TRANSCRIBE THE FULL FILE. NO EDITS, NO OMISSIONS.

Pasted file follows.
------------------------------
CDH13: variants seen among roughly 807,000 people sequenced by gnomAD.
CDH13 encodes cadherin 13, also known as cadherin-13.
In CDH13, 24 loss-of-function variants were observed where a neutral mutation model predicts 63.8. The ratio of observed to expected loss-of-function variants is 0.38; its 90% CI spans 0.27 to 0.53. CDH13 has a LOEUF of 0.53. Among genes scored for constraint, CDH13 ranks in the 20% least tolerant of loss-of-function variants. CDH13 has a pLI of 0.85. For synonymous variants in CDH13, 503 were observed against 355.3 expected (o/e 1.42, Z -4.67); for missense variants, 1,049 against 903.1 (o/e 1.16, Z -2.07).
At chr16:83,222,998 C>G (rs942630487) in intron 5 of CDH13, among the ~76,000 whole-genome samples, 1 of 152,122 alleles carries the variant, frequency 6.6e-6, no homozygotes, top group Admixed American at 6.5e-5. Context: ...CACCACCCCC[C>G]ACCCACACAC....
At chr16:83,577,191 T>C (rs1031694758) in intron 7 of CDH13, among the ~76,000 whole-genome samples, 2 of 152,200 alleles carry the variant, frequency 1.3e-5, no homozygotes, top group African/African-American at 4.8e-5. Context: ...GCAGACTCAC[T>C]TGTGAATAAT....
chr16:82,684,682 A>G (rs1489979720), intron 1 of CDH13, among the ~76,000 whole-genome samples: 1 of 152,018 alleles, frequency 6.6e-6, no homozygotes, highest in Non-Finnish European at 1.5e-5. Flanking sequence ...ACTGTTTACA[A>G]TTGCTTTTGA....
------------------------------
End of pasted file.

CDH13: variants seen among roughly 807,000 people sequenced by gnomAD.
CDH13 encodes cadherin 13, also known as cadherin-13.
In CDH13, 24 loss-of-function variants were observed where a neutral mutation model predicts 63.8. The ratio of observed to expected loss-of-function variants is 0.38; its 90% CI spans 0.27 to 0.53. CDH13 has a LOEUF of 0.53. Among genes scored for constraint, CDH13 ranks in the 20% least tolerant of loss-of-function variants. CDH13 has a pLI of 0.85. For synonymous variants in CDH13, 503 were observed against 355.3 expected (o/e 1.42, Z -4.67); for missense variants, 1,049 against 903.1 (o/e 1.16, Z -2.07).
At chr16:83,222,998 C>G (rs942630487) in intron 5 of CDH13, among the ~76,000 whole-genome samples, 1 of 152,122 alleles carries the variant, frequency 6.6e-6, no homozygotes, top group Admixed American at 6.5e-5. Context: ...CACCACCCCC[C>G]ACCCACACAC....
At chr16:83,577,191 T>C (rs1031694758) in intron 7 of CDH13, among the ~76,000 whole-genome samples, 2 of 152,200 alleles carry the variant, frequency 1.3e-5, no homozygotes, top group African/African-American at 4.8e-5. Context: ...GCAGACTCAC[T>C]TGTGAATAAT....
chr16:82,684,682 A>G (rs1489979720), intron 1 of CDH13, among the ~76,000 whole-genome samples: 1 of 152,018 alleles, frequency 6.6e-6, no homozygotes, highest in Non-Finnish European at 1.5e-5. Flanking sequence ...ACTGTTTACA[A>G]TTGCTTTTGA....